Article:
May 9, 2013

What did he say?  It’s “vermentino” not “Vermontino”, as cool as that might sound.  Vermontini? No, you might be thinking of the cocktail ‘negroni’ when made with local green mountain bitters.  No it’s not a grape grown in Vermont, at least not at this stage of climate change…maybe someday. And no, it was not named specifically for sale in this this market, although I think it should do do well here.

Uvaggio Vermentino [ Lodi, CA ]

Hailing from the west coast of the US, but sure smells and tastes like the west coast of Italy.

Vermentino is a white grape of Italian origin that is most often found being produced in Italy and other parts of the Mediterranean region, but a vintage sampled from California just recently caught our attention during participation in a Snooth Virtual Tasting of wines from Lodi.   Vermentino has been on our radar for several years now, and I’ve been really lucky to taste, acquire and enjoy a few dozen of the variety in that time.

Bright, citrusy, with good acidity, and lot more going on than many other wines in the light-white weight class.  Fun for sipping, and a splendid pairing for fruits of the sea, and grilled vegetables.  Wines can be straightforward and fresh, and when this white grape is fermented on its skins, it can produce wines of truly remarkable complexity.

Back in 2011, I made a prediction that a fresh new white like Vermentino would arrive on the American wine scene, and sure enough it has come to pass.  A couple of months later, Lettie Teague sang the praises of Vermentino in the Wall Street Journal,

Vermont Wine Distributor/Importer Artisanal Cellars has some very nice examples of Vermentino on their portfolio, of which I have had the pleasure of partaking in the last few years.  Just a month after my prognostication, at a dinner with Artisanal Cellars, at Pané e Saluté, I was faced with a glass that completely challenged my notions of white wine.  Prima Terra ‘Harmongé’. Fermentation and maceration on the skins, gave this wine more layers than I could count, and it continuously changed like a chameleon walking circles on a color wheel. And it just kept getting better.  I have since had this wine a few more times, and each with amazement.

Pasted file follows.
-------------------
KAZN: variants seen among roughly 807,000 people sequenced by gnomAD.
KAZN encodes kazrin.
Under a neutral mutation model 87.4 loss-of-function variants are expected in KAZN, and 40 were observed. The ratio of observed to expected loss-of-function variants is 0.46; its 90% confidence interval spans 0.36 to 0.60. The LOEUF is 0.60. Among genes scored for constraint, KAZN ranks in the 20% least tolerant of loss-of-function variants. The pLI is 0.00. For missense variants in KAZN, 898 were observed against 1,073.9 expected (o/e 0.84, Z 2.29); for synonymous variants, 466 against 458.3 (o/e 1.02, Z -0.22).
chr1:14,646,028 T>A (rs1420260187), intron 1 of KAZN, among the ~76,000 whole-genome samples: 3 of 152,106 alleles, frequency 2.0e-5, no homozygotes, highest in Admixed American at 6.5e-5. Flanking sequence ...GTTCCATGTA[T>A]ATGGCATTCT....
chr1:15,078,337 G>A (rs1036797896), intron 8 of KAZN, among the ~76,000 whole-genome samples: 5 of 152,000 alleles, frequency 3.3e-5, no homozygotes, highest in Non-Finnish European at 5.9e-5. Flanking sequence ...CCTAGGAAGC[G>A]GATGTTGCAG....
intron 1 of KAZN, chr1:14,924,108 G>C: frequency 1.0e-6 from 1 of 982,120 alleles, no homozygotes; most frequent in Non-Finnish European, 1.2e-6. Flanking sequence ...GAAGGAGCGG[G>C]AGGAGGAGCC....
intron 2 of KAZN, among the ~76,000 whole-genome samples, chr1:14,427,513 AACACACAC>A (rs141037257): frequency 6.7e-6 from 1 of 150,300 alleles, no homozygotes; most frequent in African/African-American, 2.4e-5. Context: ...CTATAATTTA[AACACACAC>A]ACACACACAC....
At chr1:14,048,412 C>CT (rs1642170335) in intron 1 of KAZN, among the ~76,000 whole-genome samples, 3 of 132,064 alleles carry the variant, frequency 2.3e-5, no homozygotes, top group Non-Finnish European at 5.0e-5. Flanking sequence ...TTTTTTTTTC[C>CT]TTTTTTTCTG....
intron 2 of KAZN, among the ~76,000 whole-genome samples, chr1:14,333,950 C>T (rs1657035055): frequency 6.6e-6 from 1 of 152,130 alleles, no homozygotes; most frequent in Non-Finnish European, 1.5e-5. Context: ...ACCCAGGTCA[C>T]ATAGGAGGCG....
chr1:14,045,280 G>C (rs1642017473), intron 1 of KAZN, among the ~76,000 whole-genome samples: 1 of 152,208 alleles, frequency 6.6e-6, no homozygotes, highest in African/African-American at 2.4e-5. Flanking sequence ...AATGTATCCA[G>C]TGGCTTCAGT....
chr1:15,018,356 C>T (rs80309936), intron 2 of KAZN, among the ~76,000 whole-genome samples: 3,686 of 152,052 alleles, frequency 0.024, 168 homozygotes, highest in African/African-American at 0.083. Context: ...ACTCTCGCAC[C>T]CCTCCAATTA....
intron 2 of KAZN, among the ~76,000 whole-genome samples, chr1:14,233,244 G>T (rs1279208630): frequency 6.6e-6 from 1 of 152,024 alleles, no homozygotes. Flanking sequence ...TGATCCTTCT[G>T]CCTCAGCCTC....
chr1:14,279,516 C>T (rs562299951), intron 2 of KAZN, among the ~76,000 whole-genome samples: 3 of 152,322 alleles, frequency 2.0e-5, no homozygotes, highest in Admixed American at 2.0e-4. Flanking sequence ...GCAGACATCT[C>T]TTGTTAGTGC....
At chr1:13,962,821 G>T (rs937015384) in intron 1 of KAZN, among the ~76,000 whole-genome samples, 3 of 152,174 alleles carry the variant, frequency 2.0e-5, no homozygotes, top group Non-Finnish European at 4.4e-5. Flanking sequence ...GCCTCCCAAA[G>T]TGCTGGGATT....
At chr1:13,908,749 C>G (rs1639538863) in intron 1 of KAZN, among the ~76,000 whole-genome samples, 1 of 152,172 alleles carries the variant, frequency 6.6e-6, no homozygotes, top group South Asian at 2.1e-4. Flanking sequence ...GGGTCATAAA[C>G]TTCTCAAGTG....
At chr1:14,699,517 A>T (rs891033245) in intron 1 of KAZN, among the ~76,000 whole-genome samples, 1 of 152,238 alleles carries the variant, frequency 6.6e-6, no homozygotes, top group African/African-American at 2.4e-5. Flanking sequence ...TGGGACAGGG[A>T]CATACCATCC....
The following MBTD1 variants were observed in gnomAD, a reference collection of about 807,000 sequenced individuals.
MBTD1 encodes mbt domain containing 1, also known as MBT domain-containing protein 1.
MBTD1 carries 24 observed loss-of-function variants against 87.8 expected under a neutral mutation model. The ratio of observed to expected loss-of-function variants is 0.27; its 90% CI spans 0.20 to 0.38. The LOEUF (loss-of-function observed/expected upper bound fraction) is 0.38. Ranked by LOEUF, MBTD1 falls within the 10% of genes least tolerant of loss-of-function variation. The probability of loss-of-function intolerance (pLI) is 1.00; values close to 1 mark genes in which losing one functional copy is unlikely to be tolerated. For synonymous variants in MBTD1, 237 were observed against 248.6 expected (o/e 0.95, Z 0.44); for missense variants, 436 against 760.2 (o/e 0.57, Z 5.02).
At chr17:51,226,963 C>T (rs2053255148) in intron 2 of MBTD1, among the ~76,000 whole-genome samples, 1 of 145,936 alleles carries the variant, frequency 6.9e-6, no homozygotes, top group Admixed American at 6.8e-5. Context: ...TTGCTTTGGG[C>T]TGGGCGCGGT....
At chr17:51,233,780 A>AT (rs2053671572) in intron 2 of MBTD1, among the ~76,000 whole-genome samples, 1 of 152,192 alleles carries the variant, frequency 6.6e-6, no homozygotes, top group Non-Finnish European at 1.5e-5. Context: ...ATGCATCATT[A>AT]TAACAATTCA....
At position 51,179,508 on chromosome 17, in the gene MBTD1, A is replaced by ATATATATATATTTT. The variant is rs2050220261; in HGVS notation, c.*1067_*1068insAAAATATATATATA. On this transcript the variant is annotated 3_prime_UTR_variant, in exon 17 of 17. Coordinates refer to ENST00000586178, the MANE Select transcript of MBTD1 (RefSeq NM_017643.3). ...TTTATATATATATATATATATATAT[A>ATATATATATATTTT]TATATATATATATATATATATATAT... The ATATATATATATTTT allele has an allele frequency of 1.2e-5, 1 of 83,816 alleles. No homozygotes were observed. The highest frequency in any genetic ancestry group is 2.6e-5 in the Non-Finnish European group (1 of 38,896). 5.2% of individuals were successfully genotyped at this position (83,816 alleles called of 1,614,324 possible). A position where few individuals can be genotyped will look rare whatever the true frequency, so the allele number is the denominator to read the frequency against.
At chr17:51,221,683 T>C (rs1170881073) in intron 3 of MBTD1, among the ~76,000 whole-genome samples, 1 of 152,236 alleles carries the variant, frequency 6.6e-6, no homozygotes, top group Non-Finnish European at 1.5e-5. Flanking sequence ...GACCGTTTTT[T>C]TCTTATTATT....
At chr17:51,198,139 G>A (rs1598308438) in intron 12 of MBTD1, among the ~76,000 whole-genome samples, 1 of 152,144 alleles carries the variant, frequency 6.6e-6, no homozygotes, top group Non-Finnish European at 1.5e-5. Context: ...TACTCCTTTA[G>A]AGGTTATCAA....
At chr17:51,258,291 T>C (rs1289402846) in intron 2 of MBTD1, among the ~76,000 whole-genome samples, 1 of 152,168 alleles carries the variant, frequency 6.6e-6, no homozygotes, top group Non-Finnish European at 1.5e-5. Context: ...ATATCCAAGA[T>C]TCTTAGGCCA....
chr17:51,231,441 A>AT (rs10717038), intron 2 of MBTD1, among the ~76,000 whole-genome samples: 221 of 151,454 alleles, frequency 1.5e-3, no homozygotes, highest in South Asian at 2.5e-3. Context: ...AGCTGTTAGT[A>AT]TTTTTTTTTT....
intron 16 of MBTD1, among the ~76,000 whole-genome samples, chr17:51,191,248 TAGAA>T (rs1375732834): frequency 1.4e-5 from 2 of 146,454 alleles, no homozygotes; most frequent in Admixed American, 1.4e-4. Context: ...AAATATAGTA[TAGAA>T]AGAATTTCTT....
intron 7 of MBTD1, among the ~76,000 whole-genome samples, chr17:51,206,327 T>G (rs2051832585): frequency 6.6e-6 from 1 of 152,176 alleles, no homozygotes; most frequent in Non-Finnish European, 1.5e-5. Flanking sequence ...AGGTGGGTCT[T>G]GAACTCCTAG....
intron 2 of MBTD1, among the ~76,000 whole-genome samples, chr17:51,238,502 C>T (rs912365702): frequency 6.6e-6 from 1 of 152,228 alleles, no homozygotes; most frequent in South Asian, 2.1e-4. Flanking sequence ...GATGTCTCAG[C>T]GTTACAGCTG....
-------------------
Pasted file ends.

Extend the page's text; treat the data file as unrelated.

A year later they presented me another skin contact Vermentino from Cinqua Terra - Viasso - which also made me wonder why more winemakers do not take a crack at a style that would stop most red wine drinkers, who eschew whites, right in their tracks. Also from Artisanal,  Fattoria Sardi Giustiniani makes a vermentino that completely knocked me out when I first tried it a few summers ago, at a meet-the-winemaker event with Matteo Giustiniani, who we now refer to at home as ‘the kid”.  His youth belies his experience and talent at making lovely wines, and this floral, herbal, honey noted gem is a great example.

Domain Abbatucci in Corsica makes a beautiful Vermentino, the Cuvée Faustine Blanc that I tasted in NYC during “Natural Wine Week” last year, and I’m to understand that it can be acquired exclusively through Dedalus Wine Shop in Burlington. Here in Vermont, the most readily available and reasonable priced wine is the Costamolino Vermentino from Sardinia, which was an excellent pairing for an Aegean/Mediterranean themed “Unorthodox Easter” dinner we had a couple of years ago.

That Uvaggio California Vermentino mentioned earlier, was a hit at our sampling - refreshing, green tinged flavors of pear and lime, and a steal at $14…unfortunately, this is one time where the wine is not distributed in our state, nor does the winery have a shipping permit into Vermont (which is something they should consider changing!).

Subsequent research shows that another Cali producer, Tablas Creek Vineyard also makes a Vermentino, which we will have to get our hands on. Incidentally, although it is not on the menu, co-founder of Tablas Creek, Bob Haas will be leading a wine pairing dinner in Quechee, at Simon Pearce Restaurant, on Wednesday May 15, 2013.

Vermonters, get out there and try some Vermentino, pronto.

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